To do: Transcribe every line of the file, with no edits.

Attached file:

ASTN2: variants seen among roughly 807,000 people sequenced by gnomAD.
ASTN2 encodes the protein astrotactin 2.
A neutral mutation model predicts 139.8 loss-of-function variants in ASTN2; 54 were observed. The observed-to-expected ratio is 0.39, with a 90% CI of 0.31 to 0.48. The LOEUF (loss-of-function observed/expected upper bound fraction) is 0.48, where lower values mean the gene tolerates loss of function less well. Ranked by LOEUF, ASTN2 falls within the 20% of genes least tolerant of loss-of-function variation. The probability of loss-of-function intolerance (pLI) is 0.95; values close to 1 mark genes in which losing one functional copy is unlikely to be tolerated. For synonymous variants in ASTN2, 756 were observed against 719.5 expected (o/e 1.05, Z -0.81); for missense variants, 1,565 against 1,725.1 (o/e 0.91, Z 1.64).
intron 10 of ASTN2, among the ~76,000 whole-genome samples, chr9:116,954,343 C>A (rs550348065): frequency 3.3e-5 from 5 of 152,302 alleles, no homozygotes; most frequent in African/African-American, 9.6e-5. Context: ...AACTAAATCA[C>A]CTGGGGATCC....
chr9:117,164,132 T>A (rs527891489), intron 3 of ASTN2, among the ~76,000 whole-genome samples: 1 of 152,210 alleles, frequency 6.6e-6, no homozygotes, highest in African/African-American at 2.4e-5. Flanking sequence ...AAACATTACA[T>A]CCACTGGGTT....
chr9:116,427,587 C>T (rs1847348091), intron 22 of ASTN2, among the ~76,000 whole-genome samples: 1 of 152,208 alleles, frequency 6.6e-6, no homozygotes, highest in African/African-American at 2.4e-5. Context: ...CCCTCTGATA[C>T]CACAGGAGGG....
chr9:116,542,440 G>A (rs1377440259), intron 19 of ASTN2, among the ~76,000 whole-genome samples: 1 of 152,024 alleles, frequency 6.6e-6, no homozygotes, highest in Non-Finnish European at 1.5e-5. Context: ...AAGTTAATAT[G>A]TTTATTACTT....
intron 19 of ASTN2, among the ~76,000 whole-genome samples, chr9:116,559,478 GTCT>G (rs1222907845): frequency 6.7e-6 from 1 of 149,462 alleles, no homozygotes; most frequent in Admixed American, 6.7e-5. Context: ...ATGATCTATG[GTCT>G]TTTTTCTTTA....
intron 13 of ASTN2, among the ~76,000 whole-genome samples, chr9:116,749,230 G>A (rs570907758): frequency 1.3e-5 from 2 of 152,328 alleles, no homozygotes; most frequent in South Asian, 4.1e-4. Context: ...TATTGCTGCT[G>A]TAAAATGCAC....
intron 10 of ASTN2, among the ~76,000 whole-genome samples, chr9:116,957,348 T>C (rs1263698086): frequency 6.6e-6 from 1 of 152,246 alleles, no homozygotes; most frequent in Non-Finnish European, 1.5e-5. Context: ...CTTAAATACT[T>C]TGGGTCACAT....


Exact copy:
ASTN2: variants seen among roughly 807,000 people sequenced by gnomAD.
ASTN2 encodes the protein astrotactin 2.
A neutral mutation model predicts 139.8 loss-of-function variants in ASTN2; 54 were observed. The observed-to-expected ratio is 0.39, with a 90% CI of 0.31 to 0.48. The LOEUF (loss-of-function observed/expected upper bound fraction) is 0.48, where lower values mean the gene tolerates loss of function less well. Ranked by LOEUF, ASTN2 falls within the 20% of genes least tolerant of loss-of-function variation. The probability of loss-of-function intolerance (pLI) is 0.95; values close to 1 mark genes in which losing one functional copy is unlikely to be tolerated. For synonymous variants in ASTN2, 756 were observed against 719.5 expected (o/e 1.05, Z -0.81); for missense variants, 1,565 against 1,725.1 (o/e 0.91, Z 1.64).
intron 10 of ASTN2, among the ~76,000 whole-genome samples, chr9:116,954,343 C>A (rs550348065): frequency 3.3e-5 from 5 of 152,302 alleles, no homozygotes; most frequent in African/African-American, 9.6e-5. Context: ...AACTAAATCA[C>A]CTGGGGATCC....
chr9:117,164,132 T>A (rs527891489), intron 3 of ASTN2, among the ~76,000 whole-genome samples: 1 of 152,210 alleles, frequency 6.6e-6, no homozygotes, highest in African/African-American at 2.4e-5. Flanking sequence ...AAACATTACA[T>A]CCACTGGGTT....
chr9:116,427,587 C>T (rs1847348091), intron 22 of ASTN2, among the ~76,000 whole-genome samples: 1 of 152,208 alleles, frequency 6.6e-6, no homozygotes, highest in African/African-American at 2.4e-5. Context: ...CCCTCTGATA[C>T]CACAGGAGGG....
chr9:116,542,440 G>A (rs1377440259), intron 19 of ASTN2, among the ~76,000 whole-genome samples: 1 of 152,024 alleles, frequency 6.6e-6, no homozygotes, highest in Non-Finnish European at 1.5e-5. Context: ...AAGTTAATAT[G>A]TTTATTACTT....
intron 19 of ASTN2, among the ~76,000 whole-genome samples, chr9:116,559,478 GTCT>G (rs1222907845): frequency 6.7e-6 from 1 of 149,462 alleles, no homozygotes; most frequent in Admixed American, 6.7e-5. Context: ...ATGATCTATG[GTCT>G]TTTTTCTTTA....
intron 13 of ASTN2, among the ~76,000 whole-genome samples, chr9:116,749,230 G>A (rs570907758): frequency 1.3e-5 from 2 of 152,328 alleles, no homozygotes; most frequent in South Asian, 4.1e-4. Context: ...TATTGCTGCT[G>A]TAAAATGCAC....
intron 10 of ASTN2, among the ~76,000 whole-genome samples, chr9:116,957,348 T>C (rs1263698086): frequency 6.6e-6 from 1 of 152,246 alleles, no homozygotes; most frequent in Non-Finnish European, 1.5e-5. Context: ...CTTAAATACT[T>C]TGGGTCACAT....